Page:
In a new pilot study conducted by researchers at Stanford University, Google Glass paired up with a smartphone app helps children with autism improve their social skills by assisting them in learning to recognise the variety of thoughts and emotions behind facial expressions.
The intervention (called ‘Superpower Glass’ to appeal to children), described in a paper published online in the journal npj Digital Medicine on 2 August 2018, provides autistic children with real-time information – either visually or through audio – on the meaning behind facial expressions.
After only one to three months of use, parents reported their children to engage in eye contact more often than prior to the study, and relate to other people better overall.
This could be real life-saver to parents, as many have to wait for therapy for up to 18 months – thereby reducing its subsequent effectiveness – following diagnosis due to a shortage of trained medical professionals working in the field.
“The only way to break through the problem is to create reliable, home-based treatment systems. It’s a really important unmet need,” said lead author on the study Dennis Wall, PhD, who’s an Associate Professor of Paediatrics and Biomedical Data Science.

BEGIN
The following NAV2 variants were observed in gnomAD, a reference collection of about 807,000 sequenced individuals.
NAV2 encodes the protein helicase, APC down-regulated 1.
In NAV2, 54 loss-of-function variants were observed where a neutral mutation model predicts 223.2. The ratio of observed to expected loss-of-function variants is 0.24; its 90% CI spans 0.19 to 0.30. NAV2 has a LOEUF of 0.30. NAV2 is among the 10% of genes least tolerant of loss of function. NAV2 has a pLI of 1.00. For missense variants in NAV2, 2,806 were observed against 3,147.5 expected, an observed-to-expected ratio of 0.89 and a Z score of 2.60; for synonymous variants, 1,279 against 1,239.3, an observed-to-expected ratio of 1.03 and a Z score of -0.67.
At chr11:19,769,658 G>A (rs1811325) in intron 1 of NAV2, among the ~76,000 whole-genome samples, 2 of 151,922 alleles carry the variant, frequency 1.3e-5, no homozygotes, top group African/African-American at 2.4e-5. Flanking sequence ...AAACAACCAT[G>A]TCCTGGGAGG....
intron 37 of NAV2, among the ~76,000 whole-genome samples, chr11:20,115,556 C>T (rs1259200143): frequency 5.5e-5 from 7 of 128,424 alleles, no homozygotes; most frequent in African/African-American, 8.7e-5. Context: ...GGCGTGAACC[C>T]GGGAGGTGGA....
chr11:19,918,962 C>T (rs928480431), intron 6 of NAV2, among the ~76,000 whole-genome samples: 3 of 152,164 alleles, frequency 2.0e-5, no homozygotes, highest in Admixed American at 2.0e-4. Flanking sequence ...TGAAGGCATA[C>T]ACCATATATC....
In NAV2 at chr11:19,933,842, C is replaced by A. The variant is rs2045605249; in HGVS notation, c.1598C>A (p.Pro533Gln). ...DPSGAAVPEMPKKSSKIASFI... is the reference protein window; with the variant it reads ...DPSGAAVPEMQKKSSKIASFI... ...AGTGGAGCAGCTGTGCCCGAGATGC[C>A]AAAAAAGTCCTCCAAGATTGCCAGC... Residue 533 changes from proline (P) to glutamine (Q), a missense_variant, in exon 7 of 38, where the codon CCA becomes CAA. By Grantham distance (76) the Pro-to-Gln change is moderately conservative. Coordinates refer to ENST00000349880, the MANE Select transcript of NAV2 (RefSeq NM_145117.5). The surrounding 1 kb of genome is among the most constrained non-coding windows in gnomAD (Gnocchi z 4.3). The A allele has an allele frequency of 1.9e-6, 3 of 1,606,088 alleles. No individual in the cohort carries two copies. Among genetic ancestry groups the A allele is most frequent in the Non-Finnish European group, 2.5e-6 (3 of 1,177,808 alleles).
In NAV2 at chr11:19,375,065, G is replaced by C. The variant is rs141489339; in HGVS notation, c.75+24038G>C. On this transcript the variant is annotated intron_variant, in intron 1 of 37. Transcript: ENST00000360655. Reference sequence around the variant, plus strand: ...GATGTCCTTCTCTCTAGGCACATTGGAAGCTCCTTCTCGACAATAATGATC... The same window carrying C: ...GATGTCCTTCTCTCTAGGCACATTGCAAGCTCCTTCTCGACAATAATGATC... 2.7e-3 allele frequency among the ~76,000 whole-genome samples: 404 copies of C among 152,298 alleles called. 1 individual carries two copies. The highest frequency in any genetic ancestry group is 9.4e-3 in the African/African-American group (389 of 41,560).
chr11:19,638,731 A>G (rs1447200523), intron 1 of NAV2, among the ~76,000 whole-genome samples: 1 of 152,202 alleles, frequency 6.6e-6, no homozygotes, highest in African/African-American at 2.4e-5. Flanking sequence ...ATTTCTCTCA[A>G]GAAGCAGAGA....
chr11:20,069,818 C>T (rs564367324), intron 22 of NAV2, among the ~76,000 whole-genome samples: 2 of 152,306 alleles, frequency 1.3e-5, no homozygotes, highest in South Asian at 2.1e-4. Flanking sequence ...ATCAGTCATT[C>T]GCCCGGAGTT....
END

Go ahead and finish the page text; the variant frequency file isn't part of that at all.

The app was built around eight core expressions – happiness, sadness, anger, disgust, surprise, fear, neutral and contempt – thanks to a machine-learning algorithm trained on hundreds of thousands of photos which contain them.
All of the 14 families involved in the study, which required them to use the Google Glass-app combination for at least 20 minutes three times per week, reported noticeable improvements, which have later been verified by assessing the data provided by parents in questionnaires they filled out prior to and after the study.
“Parents said things like ‘A switch has been flipped: my child is looking at me.’ Or ‘Suddenly the teacher is telling me that my child is engaging in the classroom.’ It was really heart-warming and super-encouraging for us to hear,” said Wall.
Every child in the study was found to have improved by several points on the SRS-2 scale: four from “severe” to “moderate”, one from “moderate” to “mild”, and one from “mild” to “normal”.
The researchers now plan to patent the technology and conduct larger, randomised trials to make sure the intervention works as intended.
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